The report makes the case that economic inequality in Minnesota and the United States continues to widen, as those at the top pull away in income growth, while middle-class income stagnates and poverty rates increase. The authors support the view that, due to inequality increases over the last 30 years, current levels of income inequality have crossed a threshold, so that the inequality threatens overall economic growth. Comparing measures of economic inequality among counties and among selected high-income countries, they conclude that recent and future increases in inequality are not inevitable and that we could reduce inequality in the future.
The authors recommend development of an "Economic Inequality Impact Assessment," a systematic assessment of a new policy's economic inequality impact. This assessment would then be required at all levels of government in Minnesota before passage of economically significant legislation, implementation of new regulations affecting inequality, or other policy decisions that could further exacerbate inequality. The inequality assessment would be similar to Environment Impact Statements required before decisions are made on pending development projects or policies with possible negative environmental effects.
The richest people in the U.S. and in Minnesota are getting richer and richer. According to Jay Coggins of the University of Minnesota, data from the World Top Incomes Database, which is based on Internal Revenue Service (IRS) tax-return data going back to 1913, shows that the top 10 percent of income-earners have achieved only modest income gains over the past 30 years. But the top one percent of income-earners are pulling away from the rest of the top 10 percent; the top 0.1 percent are pulling away from the rest of the top one percent; and the top 0.01 percent are pulling away from the rest of the top 0.1 percent.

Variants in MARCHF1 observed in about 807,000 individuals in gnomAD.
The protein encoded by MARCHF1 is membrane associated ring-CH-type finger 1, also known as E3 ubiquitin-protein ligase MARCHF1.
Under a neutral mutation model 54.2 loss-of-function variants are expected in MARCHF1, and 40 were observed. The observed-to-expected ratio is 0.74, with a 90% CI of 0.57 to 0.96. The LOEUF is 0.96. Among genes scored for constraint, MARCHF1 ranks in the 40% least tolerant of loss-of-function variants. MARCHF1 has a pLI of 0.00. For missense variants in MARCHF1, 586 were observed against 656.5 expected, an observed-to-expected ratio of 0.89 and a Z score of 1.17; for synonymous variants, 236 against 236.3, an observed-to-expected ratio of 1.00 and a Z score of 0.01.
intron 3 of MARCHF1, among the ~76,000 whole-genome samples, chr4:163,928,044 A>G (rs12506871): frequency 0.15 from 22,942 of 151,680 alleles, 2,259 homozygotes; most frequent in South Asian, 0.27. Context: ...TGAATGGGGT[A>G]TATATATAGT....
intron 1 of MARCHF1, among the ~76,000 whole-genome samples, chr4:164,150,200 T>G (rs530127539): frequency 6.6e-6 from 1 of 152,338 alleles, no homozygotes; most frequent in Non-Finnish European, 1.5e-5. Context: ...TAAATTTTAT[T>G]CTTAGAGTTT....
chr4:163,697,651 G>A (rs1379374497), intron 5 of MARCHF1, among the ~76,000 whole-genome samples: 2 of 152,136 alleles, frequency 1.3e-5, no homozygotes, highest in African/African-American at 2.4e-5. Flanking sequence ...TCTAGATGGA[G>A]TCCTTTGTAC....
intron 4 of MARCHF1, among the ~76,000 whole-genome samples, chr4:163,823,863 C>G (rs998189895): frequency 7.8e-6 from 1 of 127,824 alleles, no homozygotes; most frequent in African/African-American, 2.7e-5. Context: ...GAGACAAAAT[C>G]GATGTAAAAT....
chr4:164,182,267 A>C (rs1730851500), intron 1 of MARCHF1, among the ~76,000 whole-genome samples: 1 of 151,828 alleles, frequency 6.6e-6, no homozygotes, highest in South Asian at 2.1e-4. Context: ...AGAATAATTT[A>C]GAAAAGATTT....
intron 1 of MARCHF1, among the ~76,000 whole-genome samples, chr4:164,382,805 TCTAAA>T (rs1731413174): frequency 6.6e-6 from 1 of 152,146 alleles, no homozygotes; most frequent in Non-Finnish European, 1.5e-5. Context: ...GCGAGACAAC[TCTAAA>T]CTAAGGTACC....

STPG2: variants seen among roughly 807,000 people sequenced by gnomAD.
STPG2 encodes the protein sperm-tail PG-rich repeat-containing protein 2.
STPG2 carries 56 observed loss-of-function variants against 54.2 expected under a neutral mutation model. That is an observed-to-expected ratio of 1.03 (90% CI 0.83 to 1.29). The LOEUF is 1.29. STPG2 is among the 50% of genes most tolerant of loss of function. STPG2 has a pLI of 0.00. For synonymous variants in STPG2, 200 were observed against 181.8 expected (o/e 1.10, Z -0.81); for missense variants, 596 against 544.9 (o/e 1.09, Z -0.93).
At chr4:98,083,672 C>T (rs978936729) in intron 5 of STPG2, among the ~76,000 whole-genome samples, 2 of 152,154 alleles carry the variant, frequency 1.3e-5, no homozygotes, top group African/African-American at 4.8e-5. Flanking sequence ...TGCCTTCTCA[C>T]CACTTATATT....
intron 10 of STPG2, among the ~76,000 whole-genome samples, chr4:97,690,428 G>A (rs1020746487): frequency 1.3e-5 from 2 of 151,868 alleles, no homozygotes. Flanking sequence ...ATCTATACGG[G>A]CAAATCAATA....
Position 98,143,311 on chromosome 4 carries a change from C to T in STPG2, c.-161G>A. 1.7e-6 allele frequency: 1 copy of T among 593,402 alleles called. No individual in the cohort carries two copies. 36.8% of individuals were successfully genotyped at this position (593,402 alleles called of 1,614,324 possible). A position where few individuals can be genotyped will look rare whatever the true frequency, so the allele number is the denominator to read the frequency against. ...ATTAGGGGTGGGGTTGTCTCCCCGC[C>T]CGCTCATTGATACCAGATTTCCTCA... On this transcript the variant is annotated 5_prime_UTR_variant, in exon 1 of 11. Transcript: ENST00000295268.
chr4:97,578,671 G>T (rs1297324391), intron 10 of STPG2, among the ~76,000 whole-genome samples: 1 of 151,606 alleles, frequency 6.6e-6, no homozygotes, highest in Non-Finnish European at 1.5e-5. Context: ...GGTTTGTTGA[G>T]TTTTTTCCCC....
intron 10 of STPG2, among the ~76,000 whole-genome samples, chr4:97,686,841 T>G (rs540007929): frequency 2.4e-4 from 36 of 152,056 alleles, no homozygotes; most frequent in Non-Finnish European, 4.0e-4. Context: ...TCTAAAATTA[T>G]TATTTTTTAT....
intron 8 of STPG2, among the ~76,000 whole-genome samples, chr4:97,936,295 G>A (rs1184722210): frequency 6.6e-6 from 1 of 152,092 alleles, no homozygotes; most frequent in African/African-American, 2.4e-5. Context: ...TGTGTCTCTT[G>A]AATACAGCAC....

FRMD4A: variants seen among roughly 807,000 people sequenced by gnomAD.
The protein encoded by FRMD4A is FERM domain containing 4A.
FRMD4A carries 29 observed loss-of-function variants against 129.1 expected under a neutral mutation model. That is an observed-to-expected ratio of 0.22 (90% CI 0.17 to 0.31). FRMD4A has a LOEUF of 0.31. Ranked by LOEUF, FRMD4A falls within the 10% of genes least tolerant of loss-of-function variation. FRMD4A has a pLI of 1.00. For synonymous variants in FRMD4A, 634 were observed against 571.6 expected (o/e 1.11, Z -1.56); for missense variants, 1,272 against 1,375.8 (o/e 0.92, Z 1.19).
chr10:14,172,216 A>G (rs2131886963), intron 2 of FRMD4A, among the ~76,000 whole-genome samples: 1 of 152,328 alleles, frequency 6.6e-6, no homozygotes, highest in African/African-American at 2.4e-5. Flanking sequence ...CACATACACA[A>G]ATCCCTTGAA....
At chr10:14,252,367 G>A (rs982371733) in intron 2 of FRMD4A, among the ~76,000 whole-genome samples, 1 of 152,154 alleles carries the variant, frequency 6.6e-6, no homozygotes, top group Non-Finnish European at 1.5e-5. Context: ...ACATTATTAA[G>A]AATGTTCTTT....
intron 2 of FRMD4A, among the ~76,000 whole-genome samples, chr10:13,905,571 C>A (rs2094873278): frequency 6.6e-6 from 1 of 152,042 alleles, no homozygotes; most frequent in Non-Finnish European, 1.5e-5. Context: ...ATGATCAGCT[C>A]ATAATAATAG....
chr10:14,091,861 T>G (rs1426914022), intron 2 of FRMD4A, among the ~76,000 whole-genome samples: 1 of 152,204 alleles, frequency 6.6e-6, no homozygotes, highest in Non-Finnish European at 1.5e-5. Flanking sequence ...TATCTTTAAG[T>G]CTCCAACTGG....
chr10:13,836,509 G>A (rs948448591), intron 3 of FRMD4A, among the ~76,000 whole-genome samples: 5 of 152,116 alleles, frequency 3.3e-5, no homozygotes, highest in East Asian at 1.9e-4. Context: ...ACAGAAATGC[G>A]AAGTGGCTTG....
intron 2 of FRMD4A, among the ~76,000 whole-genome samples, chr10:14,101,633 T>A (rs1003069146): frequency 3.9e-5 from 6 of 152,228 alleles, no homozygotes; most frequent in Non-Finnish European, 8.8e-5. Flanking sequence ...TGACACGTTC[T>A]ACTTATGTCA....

Coggins said French economist Thomas Piketty's book on wealth inequality, Capital in the Twenty-First Century (2014), shows his concern about the effect of this inequality on the future of democratic, capitalist societies. Piketty points out that the level of economic inequality is, in Coggins' words, "an unsustainable situation that could lead to very bad outcomes geopolitically."
Income inequality in the U.S. has risen from 1967 to 2011. An important and widely used measure of inequality, the Gini coefficient , shows that income inequality has increased by roughly 14 percent over that time period. Meanwhile, the share of all income flowing to the richest one percent of Americans has more than doubled since 1978, from nine percent then to over 22 percent in 2013.
Wealth inequality nationally is even greater than income inequality . The richest one percent owned 24 percent of U.S. wealth in 1978, but by 2013 that share had risen to 40 percent.
Since 1979, Census data show that the people who've benefited the most in income growth rate are the richest in income, while the bottom 20 percent are actually worse off.
Economies with less income inequality grow faster; as income disparity grows, the overall economic performance (measured by growth in GDP) is degraded.